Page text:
Queen of flip-flops limbering up for another big one

by Hugo Dixon | 13.09.2017

Theresa May’s flip-flops are coming thick and fast. The prime minister is expected to use her big speech on Europe next week to say we should stay in the single market and customs union in all but name during the so-called transitional period after we quit the EU and before we reach a new long-term deal with the club.

This would be just the latest in a string of climb-downs by the prime minister. Remember the dementia tax and the freeze on public-sector pay? Or, within the Brexit dossier, the red line about ending the European Court of Justice’s jurisdiction?

Drum beats to suggest that May is preparing for a u-turn on the need to change virtually nothing during the years immediately after we quit the EU are getting louder. The next round of negotiations with Brussels have been postponed by a week to let the prime minister make her speech, the contents of which seem to be leaking.

Philip Hammond, the chancellor, told a House of Lords committee yesterday that Britain will seek a Brexit transition deal that “looks a lot like the status quo”, maintaining single market and customs union membership in all but name. David Davis, the Brexit secretary, told the House of Commons last week that “we need to be as close as we are to our current arrangements” during the transition.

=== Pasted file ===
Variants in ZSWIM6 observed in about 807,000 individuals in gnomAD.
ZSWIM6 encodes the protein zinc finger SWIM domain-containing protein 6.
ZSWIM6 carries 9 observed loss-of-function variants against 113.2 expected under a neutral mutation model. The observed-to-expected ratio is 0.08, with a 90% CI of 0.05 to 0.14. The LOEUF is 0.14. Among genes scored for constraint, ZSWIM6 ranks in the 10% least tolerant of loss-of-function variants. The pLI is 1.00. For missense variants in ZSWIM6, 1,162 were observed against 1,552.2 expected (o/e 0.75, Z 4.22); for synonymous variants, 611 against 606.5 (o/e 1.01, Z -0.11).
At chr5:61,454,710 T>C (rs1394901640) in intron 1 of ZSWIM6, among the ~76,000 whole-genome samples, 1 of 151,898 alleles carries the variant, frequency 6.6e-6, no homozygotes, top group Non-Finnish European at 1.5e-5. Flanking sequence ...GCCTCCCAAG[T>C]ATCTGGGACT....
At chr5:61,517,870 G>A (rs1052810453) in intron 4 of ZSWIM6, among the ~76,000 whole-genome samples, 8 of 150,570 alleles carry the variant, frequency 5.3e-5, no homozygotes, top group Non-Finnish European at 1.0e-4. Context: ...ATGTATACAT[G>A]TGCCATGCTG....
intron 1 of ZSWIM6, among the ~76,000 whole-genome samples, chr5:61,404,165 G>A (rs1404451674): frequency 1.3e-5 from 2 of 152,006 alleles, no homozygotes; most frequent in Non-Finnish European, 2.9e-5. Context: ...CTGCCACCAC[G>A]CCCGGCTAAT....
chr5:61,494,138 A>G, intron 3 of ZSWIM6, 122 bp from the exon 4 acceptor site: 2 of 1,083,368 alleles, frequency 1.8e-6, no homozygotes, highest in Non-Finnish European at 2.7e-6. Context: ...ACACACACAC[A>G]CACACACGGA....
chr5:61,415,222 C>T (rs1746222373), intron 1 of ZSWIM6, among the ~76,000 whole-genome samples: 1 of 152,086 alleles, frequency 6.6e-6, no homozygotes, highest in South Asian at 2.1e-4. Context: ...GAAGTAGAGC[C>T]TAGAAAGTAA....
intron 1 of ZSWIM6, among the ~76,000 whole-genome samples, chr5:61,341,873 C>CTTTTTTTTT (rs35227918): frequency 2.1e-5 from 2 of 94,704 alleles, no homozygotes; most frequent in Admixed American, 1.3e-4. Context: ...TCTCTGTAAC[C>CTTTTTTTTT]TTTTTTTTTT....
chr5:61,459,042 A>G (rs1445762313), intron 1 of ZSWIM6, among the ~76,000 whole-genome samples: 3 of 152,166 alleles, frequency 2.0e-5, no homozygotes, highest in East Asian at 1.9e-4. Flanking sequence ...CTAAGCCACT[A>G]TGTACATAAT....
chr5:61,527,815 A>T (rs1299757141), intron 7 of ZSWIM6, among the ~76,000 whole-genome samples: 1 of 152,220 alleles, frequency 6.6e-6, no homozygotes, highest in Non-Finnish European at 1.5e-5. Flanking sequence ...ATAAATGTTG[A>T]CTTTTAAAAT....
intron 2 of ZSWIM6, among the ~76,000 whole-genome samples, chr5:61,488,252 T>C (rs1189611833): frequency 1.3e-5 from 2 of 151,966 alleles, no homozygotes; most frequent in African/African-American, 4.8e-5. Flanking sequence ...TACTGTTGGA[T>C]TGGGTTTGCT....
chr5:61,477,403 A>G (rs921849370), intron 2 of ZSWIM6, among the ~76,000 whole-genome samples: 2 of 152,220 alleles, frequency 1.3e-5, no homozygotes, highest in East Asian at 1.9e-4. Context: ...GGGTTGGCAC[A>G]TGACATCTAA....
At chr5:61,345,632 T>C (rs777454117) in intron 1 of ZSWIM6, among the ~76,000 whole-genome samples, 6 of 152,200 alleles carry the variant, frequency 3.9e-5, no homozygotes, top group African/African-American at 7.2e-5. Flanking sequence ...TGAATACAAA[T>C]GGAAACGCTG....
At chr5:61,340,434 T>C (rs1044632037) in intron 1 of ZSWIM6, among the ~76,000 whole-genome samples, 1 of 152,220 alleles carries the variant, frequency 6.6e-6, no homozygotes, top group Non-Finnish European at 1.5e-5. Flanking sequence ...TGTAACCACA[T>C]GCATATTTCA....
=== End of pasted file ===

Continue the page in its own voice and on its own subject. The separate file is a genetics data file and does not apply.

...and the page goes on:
It is good that May is coming to terms with reality. She seems to accept that we won’t be able to negotiate a brand new trade deal in the little time we have left before the Article 50 clock stops ticking. She seems to recognise that, if we don’t reach a transitional deal, the economy will fall off a cliff. She may now have cottoned on to the fact that the only half-decent transitional arrangement we could agree is to stay in the single market and customs union – or something that amounts to virtually the same thing. Presumably, the prime minister has also realised that we won’t be able to maintain the status quo without following the EU’s rules, paying into its budget and keeping free movement of people.

While such a position would be realistic, it would also clearly be inferior to our current deal. We are now one of the EU’s most powerful rule-makers. During such a transitional deal, we would become a rule-taker. That would be neither good for national pride nor in the national interest.

Whatever deal is done on transition will merely pave the way for our future arrangements with the EU. The government thinks we should quit both the single market and customs union. But is it really going to be able to hold that line? After all, at the end of the transition, it will face a familiar dilemma: if it really downgrades trade with the EU, the economy will suffer; but if it wants to maintain the same benefits as we now have, it will have to become a rule-taker.

Labour is already coming to the conclusion that the priority is to save the economy. Perhaps May will eventually make a climbdown on that too. But, if it really makes sense to stay in the single market and customs union, it’s surely an even better idea never to quit the EU. Pro-Europeans need to keep making this point in the months ahead.